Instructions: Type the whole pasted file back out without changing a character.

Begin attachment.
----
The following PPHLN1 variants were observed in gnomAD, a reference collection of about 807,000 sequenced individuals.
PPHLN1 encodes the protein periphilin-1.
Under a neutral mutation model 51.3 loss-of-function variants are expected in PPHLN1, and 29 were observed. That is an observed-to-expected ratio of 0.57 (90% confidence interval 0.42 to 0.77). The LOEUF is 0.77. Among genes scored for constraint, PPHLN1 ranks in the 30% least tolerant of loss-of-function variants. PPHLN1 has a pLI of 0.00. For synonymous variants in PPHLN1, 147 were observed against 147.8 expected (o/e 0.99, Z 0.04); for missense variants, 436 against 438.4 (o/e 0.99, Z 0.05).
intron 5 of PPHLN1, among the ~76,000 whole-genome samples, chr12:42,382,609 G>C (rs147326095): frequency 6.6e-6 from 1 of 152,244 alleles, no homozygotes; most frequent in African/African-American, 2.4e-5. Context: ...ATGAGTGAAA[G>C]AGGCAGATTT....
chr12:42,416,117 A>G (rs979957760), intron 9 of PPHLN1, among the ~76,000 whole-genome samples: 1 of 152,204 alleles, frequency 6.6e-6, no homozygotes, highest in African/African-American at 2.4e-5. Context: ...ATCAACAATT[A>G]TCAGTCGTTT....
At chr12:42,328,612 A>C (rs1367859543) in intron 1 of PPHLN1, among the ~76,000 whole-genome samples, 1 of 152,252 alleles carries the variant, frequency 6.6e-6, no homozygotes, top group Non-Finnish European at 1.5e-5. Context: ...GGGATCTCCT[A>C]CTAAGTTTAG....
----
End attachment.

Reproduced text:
The following PPHLN1 variants were observed in gnomAD, a reference collection of about 807,000 sequenced individuals.
PPHLN1 encodes the protein periphilin-1.
Under a neutral mutation model 51.3 loss-of-function variants are expected in PPHLN1, and 29 were observed. That is an observed-to-expected ratio of 0.57 (90% confidence interval 0.42 to 0.77). The LOEUF is 0.77. Among genes scored for constraint, PPHLN1 ranks in the 30% least tolerant of loss-of-function variants. PPHLN1 has a pLI of 0.00. For synonymous variants in PPHLN1, 147 were observed against 147.8 expected (o/e 0.99, Z 0.04); for missense variants, 436 against 438.4 (o/e 0.99, Z 0.05).
intron 5 of PPHLN1, among the ~76,000 whole-genome samples, chr12:42,382,609 G>C (rs147326095): frequency 6.6e-6 from 1 of 152,244 alleles, no homozygotes; most frequent in African/African-American, 2.4e-5. Context: ...ATGAGTGAAA[G>C]AGGCAGATTT....
chr12:42,416,117 A>G (rs979957760), intron 9 of PPHLN1, among the ~76,000 whole-genome samples: 1 of 152,204 alleles, frequency 6.6e-6, no homozygotes, highest in African/African-American at 2.4e-5. Context: ...ATCAACAATT[A>G]TCAGTCGTTT....
At chr12:42,328,612 A>C (rs1367859543) in intron 1 of PPHLN1, among the ~76,000 whole-genome samples, 1 of 152,252 alleles carries the variant, frequency 6.6e-6, no homozygotes, top group Non-Finnish European at 1.5e-5. Context: ...GGGATCTCCT[A>C]CTAAGTTTAG....